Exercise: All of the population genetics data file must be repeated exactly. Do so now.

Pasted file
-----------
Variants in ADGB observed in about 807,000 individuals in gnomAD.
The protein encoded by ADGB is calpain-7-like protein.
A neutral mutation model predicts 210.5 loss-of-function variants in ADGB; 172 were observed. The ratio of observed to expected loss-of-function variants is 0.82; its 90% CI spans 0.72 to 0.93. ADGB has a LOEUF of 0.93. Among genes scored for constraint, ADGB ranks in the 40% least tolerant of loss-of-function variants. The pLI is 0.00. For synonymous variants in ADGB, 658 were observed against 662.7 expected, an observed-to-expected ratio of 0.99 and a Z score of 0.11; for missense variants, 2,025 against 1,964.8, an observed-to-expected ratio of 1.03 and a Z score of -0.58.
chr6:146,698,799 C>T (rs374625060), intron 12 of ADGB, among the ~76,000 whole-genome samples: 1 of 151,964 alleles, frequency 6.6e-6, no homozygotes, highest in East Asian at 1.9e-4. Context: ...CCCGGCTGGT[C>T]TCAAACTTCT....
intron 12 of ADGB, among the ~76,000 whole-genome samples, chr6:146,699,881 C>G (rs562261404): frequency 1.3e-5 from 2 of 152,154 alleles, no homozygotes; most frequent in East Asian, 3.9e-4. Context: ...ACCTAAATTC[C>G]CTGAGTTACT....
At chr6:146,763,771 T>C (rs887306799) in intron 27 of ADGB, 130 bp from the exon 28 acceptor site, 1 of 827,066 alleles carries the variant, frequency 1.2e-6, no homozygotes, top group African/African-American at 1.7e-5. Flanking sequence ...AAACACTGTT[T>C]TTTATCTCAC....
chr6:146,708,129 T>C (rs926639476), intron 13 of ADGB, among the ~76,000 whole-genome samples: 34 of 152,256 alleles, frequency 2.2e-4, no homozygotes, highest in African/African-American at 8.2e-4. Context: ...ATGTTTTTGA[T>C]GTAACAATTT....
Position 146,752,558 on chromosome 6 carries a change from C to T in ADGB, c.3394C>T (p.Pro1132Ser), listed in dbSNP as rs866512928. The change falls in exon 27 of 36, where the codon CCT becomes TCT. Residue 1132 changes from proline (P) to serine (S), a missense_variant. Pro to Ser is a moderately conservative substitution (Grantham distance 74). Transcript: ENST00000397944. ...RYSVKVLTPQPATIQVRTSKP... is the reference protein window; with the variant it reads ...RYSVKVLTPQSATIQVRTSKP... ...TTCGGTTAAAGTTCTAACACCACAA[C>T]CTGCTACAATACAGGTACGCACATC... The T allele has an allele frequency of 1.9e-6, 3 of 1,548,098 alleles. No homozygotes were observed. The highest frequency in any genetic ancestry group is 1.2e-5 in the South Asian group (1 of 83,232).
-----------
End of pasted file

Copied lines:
Variants in ADGB observed in about 807,000 individuals in gnomAD.
The protein encoded by ADGB is calpain-7-like protein.
A neutral mutation model predicts 210.5 loss-of-function variants in ADGB; 172 were observed. The ratio of observed to expected loss-of-function variants is 0.82; its 90% CI spans 0.72 to 0.93. ADGB has a LOEUF of 0.93. Among genes scored for constraint, ADGB ranks in the 40% least tolerant of loss-of-function variants. The pLI is 0.00. For synonymous variants in ADGB, 658 were observed against 662.7 expected, an observed-to-expected ratio of 0.99 and a Z score of 0.11; for missense variants, 2,025 against 1,964.8, an observed-to-expected ratio of 1.03 and a Z score of -0.58.
chr6:146,698,799 C>T (rs374625060), intron 12 of ADGB, among the ~76,000 whole-genome samples: 1 of 151,964 alleles, frequency 6.6e-6, no homozygotes, highest in East Asian at 1.9e-4. Context: ...CCCGGCTGGT[C>T]TCAAACTTCT....
intron 12 of ADGB, among the ~76,000 whole-genome samples, chr6:146,699,881 C>G (rs562261404): frequency 1.3e-5 from 2 of 152,154 alleles, no homozygotes; most frequent in East Asian, 3.9e-4. Context: ...ACCTAAATTC[C>G]CTGAGTTACT....
At chr6:146,763,771 T>C (rs887306799) in intron 27 of ADGB, 130 bp from the exon 28 acceptor site, 1 of 827,066 alleles carries the variant, frequency 1.2e-6, no homozygotes, top group African/African-American at 1.7e-5. Flanking sequence ...AAACACTGTT[T>C]TTTATCTCAC....
chr6:146,708,129 T>C (rs926639476), intron 13 of ADGB, among the ~76,000 whole-genome samples: 34 of 152,256 alleles, frequency 2.2e-4, no homozygotes, highest in African/African-American at 8.2e-4. Context: ...ATGTTTTTGA[T>C]GTAACAATTT....
Position 146,752,558 on chromosome 6 carries a change from C to T in ADGB, c.3394C>T (p.Pro1132Ser), listed in dbSNP as rs866512928. The change falls in exon 27 of 36, where the codon CCT becomes TCT. Residue 1132 changes from proline (P) to serine (S), a missense_variant. Pro to Ser is a moderately conservative substitution (Grantham distance 74). Transcript: ENST00000397944. ...RYSVKVLTPQPATIQVRTSKP... is the reference protein window; with the variant it reads ...RYSVKVLTPQSATIQVRTSKP... ...TTCGGTTAAAGTTCTAACACCACAA[C>T]CTGCTACAATACAGGTACGCACATC... The T allele has an allele frequency of 1.9e-6, 3 of 1,548,098 alleles. No homozygotes were observed. The highest frequency in any genetic ancestry group is 1.2e-5 in the South Asian group (1 of 83,232).